A “landmark legal case” is set to be launched which could dramatically reduce the business rates paid by NHS trusts, according to a trust’s board papers.

The bid for a “charitable rate exemption” seeks an 80 per cent discount on business rates, which for some providers would equate to millions of pounds per year.

Business rates are a key source of income for councils, and the case risks damaging relations with local authorities.

According to minutes of a committee meeting published by York Teaching Hospital Foundation Trust, the trust is confirmed to take part in the action, while 20 others have been invited to join. The trust declined to comment or provide more information.

It comes after trusts were hit by a hike in rates in April, which followed a revaluation of properties in England. For some providers this meants bills increasing by millions of pounds per year, with those in London among the worst affected. A recent finance paper published by Barts Health Trust referred to £6.5m of new cost pressures relating to business rates in 2017-18.

The business rates issue was first raised in 2016, when it was reported that around 80 trusts had written letters to their council to claim they were eligible for the exemption. They reportedly claimed a tax rebate covering the previous six years, worth a combined £1.5bn.

A senior source at one of the trusts told HSJ that councils had rejected the claims, but a “test case” is set to be launched in the courts by one of more trusts, supported by property consultancy firm Bilfinger GVA.

Minutes of a committee meeting at York Teaching Hospitals Foundation Trust in August said the trust has “signed up to a landmark legal case”, with another 20 or more providers “invited to join”.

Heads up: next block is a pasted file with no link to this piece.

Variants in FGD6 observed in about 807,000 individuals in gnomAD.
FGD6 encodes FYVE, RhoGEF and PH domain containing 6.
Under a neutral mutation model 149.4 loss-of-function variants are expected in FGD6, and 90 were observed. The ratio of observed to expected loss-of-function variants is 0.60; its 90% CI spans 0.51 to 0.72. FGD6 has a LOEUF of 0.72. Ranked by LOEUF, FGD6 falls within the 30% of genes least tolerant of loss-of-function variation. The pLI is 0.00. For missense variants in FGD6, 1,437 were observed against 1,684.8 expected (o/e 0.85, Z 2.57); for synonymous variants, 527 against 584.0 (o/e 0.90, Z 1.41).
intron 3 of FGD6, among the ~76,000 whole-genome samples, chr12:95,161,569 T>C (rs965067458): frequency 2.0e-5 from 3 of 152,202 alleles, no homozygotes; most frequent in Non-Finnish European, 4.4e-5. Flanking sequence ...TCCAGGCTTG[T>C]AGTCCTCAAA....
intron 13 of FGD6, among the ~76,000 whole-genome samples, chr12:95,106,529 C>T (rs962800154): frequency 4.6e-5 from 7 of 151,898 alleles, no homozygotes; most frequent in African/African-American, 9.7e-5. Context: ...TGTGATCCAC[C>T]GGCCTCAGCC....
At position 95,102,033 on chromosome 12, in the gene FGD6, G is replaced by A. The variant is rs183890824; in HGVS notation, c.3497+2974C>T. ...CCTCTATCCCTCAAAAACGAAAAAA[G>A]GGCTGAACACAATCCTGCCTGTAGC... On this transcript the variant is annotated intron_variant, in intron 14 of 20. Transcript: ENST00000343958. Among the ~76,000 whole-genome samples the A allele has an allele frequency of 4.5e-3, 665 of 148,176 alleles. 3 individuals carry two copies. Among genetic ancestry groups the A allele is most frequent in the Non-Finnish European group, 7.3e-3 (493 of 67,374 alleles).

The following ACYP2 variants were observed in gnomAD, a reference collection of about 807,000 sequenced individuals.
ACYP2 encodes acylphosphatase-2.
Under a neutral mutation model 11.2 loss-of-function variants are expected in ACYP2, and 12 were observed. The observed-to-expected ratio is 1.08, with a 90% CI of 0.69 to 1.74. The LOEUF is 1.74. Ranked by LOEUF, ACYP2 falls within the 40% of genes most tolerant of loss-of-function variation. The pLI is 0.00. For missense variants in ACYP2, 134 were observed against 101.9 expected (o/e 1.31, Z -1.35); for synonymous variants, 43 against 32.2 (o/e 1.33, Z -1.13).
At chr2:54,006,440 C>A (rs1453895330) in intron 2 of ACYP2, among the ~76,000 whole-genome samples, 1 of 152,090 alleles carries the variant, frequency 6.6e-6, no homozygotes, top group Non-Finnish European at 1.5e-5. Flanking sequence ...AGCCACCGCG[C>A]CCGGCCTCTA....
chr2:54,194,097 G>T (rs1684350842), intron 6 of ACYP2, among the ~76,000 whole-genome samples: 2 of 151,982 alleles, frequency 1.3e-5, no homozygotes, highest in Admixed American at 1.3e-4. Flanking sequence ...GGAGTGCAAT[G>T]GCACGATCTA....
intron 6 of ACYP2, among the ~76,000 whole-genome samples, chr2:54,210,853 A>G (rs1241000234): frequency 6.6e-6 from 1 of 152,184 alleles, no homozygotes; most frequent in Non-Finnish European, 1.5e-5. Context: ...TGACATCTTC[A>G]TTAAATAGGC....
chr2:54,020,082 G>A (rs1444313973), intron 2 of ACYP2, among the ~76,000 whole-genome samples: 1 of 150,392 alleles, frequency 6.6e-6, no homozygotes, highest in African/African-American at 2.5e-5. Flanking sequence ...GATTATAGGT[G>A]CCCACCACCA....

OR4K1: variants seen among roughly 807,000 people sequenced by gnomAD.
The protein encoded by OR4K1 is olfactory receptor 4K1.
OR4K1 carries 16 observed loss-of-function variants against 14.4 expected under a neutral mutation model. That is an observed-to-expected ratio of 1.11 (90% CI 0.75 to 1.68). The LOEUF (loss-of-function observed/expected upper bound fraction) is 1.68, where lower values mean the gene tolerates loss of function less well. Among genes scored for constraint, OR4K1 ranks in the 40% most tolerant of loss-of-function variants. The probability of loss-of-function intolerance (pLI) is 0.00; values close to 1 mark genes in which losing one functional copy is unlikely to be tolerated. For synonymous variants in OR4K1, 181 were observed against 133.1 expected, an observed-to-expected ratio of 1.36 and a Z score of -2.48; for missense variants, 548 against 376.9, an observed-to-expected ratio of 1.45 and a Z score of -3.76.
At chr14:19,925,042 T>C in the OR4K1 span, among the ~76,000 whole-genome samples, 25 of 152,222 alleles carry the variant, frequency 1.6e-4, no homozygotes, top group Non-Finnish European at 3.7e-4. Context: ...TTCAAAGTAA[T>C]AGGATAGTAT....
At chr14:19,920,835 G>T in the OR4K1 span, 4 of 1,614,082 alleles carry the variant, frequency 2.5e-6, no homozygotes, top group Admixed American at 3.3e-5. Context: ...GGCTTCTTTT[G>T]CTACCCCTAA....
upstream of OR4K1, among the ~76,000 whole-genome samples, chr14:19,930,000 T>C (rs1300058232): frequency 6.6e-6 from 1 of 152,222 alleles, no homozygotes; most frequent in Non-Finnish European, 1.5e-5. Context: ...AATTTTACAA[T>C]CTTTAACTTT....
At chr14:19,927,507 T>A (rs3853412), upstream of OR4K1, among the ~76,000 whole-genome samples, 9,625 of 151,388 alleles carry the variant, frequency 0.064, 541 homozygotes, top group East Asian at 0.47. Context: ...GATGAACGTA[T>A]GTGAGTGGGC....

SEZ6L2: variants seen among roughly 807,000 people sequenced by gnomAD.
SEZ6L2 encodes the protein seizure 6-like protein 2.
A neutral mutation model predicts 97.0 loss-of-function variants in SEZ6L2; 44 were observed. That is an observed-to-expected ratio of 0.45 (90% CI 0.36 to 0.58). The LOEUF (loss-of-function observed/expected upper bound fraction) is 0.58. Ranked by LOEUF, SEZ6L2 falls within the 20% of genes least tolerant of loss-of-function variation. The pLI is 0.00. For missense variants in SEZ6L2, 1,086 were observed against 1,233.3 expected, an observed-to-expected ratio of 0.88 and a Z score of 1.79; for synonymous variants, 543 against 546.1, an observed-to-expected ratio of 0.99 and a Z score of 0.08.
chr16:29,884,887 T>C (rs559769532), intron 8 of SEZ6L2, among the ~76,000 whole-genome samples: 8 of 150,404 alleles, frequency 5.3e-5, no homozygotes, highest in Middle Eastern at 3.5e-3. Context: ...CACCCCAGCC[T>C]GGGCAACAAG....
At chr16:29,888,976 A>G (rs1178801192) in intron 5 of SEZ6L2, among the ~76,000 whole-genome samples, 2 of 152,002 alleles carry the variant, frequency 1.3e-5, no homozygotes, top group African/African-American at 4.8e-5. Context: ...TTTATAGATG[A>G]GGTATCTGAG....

The minutes said legal papers would be issued to each trust’s principal billing, and that subject to the response, proceedings would be “tentatively scheduled for September”.

They added that a further piece of work was taking place “regarding the impact on our relationship with the local authority if the test case is successful”.

The timescale may have slipped, because when HSJ contacted Bilfinger GVA, a property consultancy representing the trust, said it could not comment at this stage. York Council would not comment either.

NHS trusts have been considered as public sector-funded organisations rather than charities, partly because they have boards of directors rather than trustees. Universities already qualify for relief, as do some private healthcare providers, such as Nuffield Health, as it is registered as a charity.

However, the move has been criticised as as one part of the public sector taking money from another. A spokesman for the Local Government Association said: “We remain of the view that NHS trusts and foundation trusts are not charities and therefore not eligible for mandatory non-domestic rate relief.”

It has previously estimated that the exemption would be worth around £250m per year, with the rebate costing £1.5bn.

Business rates are calculated on the rental value of a property and were updated in April for the first time in seven years.